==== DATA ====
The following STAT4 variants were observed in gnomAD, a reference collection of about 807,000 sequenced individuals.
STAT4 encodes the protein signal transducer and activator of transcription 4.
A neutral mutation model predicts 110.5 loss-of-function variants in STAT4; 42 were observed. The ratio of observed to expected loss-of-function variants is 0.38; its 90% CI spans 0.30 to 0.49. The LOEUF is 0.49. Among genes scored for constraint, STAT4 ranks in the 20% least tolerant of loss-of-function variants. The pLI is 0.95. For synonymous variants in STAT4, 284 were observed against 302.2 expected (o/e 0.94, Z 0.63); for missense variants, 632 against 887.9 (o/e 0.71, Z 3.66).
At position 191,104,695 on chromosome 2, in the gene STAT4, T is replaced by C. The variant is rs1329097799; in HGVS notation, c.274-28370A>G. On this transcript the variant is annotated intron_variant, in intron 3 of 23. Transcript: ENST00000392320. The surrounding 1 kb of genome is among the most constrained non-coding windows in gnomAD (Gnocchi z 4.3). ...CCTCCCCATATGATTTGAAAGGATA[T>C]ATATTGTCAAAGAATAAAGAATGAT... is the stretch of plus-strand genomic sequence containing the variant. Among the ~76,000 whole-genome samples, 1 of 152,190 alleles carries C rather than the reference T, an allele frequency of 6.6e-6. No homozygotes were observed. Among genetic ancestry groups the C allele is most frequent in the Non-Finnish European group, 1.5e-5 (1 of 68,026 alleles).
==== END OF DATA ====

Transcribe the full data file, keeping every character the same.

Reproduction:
The following STAT4 variants were observed in gnomAD, a reference collection of about 807,000 sequenced individuals.
STAT4 encodes the protein signal transducer and activator of transcription 4.
A neutral mutation model predicts 110.5 loss-of-function variants in STAT4; 42 were observed. The ratio of observed to expected loss-of-function variants is 0.38; its 90% CI spans 0.30 to 0.49. The LOEUF is 0.49. Among genes scored for constraint, STAT4 ranks in the 20% least tolerant of loss-of-function variants. The pLI is 0.95. For synonymous variants in STAT4, 284 were observed against 302.2 expected (o/e 0.94, Z 0.63); for missense variants, 632 against 887.9 (o/e 0.71, Z 3.66).
At position 191,104,695 on chromosome 2, in the gene STAT4, T is replaced by C. The variant is rs1329097799; in HGVS notation, c.274-28370A>G. On this transcript the variant is annotated intron_variant, in intron 3 of 23. Transcript: ENST00000392320. The surrounding 1 kb of genome is among the most constrained non-coding windows in gnomAD (Gnocchi z 4.3). ...CCTCCCCATATGATTTGAAAGGATA[T>C]ATATTGTCAAAGAATAAAGAATGAT... is the stretch of plus-strand genomic sequence containing the variant. Among the ~76,000 whole-genome samples, 1 of 152,190 alleles carries C rather than the reference T, an allele frequency of 6.6e-6. No homozygotes were observed. Among genetic ancestry groups the C allele is most frequent in the Non-Finnish European group, 1.5e-5 (1 of 68,026 alleles).